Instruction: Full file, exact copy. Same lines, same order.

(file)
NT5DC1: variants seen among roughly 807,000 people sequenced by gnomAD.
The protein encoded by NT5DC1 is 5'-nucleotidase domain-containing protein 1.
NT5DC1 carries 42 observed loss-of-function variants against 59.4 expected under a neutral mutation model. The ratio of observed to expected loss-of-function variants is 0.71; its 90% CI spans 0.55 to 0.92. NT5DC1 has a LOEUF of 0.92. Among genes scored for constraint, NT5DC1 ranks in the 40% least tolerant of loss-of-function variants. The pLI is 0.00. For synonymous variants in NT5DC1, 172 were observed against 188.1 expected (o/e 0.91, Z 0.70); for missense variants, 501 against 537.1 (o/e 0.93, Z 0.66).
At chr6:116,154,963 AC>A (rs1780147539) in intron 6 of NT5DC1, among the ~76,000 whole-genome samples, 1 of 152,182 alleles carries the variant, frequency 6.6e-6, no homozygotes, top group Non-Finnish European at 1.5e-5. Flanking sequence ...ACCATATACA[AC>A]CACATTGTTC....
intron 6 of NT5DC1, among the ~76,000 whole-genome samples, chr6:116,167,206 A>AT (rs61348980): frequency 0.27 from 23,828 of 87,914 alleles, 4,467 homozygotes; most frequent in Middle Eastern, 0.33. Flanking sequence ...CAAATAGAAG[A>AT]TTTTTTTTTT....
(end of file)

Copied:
NT5DC1: variants seen among roughly 807,000 people sequenced by gnomAD.
The protein encoded by NT5DC1 is 5'-nucleotidase domain-containing protein 1.
NT5DC1 carries 42 observed loss-of-function variants against 59.4 expected under a neutral mutation model. The ratio of observed to expected loss-of-function variants is 0.71; its 90% CI spans 0.55 to 0.92. NT5DC1 has a LOEUF of 0.92. Among genes scored for constraint, NT5DC1 ranks in the 40% least tolerant of loss-of-function variants. The pLI is 0.00. For synonymous variants in NT5DC1, 172 were observed against 188.1 expected (o/e 0.91, Z 0.70); for missense variants, 501 against 537.1 (o/e 0.93, Z 0.66).
At chr6:116,154,963 AC>A (rs1780147539) in intron 6 of NT5DC1, among the ~76,000 whole-genome samples, 1 of 152,182 alleles carries the variant, frequency 6.6e-6, no homozygotes, top group Non-Finnish European at 1.5e-5. Flanking sequence ...ACCATATACA[AC>A]CACATTGTTC....
intron 6 of NT5DC1, among the ~76,000 whole-genome samples, chr6:116,167,206 A>AT (rs61348980): frequency 0.27 from 23,828 of 87,914 alleles, 4,467 homozygotes; most frequent in Middle Eastern, 0.33. Flanking sequence ...CAAATAGAAG[A>AT]TTTTTTTTTT....